“When people have access to the ballot, over time, their earnings improve. Their participation in the workforce improves,” Perryman said.
Texas House Bill 6 and Senate Bill 7 will hurt rather than help, he said. And research related to voting rights across 50 years points to that claim, he said.
“It kind of makes sense. If you have access to the ballot, you’re going to get more funding for your schools. You’re going to get more training opportunities. You’re going to affect the policy process,” Perryman said.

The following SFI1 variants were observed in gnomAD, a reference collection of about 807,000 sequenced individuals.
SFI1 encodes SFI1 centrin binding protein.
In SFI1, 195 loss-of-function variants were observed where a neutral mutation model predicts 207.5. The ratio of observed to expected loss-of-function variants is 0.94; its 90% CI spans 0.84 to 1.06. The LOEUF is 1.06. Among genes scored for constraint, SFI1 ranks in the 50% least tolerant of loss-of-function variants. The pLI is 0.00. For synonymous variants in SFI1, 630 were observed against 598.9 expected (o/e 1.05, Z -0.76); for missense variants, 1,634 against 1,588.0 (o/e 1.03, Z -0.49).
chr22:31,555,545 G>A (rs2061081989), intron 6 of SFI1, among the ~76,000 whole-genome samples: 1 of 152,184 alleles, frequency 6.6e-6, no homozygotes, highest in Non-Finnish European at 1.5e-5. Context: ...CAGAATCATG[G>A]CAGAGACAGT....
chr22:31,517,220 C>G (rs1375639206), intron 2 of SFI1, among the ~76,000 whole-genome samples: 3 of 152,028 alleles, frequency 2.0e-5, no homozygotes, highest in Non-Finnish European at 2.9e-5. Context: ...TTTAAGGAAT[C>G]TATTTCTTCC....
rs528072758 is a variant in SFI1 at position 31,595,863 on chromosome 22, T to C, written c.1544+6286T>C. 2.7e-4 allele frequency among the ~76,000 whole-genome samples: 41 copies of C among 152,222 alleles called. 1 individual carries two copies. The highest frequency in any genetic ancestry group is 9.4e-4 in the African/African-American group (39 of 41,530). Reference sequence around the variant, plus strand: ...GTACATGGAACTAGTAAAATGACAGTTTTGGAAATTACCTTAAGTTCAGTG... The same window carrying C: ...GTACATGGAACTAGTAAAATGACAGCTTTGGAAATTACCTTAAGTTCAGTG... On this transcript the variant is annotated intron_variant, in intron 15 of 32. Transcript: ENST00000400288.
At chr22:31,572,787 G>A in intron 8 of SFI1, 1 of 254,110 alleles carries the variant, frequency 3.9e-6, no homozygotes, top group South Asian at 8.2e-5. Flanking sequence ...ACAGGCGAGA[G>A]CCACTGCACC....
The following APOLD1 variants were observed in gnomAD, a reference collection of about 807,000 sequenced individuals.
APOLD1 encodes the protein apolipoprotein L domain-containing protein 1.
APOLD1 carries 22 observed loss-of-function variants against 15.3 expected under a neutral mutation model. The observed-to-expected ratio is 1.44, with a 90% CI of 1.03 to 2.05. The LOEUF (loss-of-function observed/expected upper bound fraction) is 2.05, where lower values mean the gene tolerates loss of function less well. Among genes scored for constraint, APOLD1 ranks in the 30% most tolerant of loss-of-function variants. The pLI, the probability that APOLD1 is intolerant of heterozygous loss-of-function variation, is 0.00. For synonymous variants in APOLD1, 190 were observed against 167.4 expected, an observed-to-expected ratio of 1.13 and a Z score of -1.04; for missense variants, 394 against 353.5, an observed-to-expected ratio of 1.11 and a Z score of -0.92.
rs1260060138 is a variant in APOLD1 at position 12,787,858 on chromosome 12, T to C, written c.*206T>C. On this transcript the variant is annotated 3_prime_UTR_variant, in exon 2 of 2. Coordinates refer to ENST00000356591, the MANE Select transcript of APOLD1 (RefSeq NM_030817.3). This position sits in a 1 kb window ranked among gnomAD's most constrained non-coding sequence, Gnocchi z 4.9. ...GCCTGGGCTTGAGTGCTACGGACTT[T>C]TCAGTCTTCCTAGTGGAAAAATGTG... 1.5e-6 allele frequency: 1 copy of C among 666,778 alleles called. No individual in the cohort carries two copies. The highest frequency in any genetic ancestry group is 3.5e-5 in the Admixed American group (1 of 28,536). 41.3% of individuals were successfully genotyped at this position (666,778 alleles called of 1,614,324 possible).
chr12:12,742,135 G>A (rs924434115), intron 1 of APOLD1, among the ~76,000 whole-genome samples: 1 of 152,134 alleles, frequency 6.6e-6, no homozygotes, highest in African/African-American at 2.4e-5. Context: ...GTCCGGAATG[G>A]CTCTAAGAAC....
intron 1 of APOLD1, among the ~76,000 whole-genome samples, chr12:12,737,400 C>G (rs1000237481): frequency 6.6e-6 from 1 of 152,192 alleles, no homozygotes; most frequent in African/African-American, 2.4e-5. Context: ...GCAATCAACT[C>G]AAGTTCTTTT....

The converse is also true, he said. “And obviously, if you’re earnings are depressed, consumer spending is going to be depressed,” he said. “All of that happens inside Texas, inside our markets.”
Perryman’s report said that highly educated and highly skilled workers typically don’t choose to live in areas where voter access is limited, and that hurts local industries that rely on those high-wage earners. Likewise, many tourists do not choose to visit areas with restrictive voting laws.
“Maybe the Legislature will listen a little bit more to the economic impact because what they’re proposing will make it extremely difficult for local counties, especially larger counties, to figure out exactly what they’re asking,” Tarrant County Judge Glen Whitley said after Perryman’s briefing.
The full report is available on the Perryman Group website.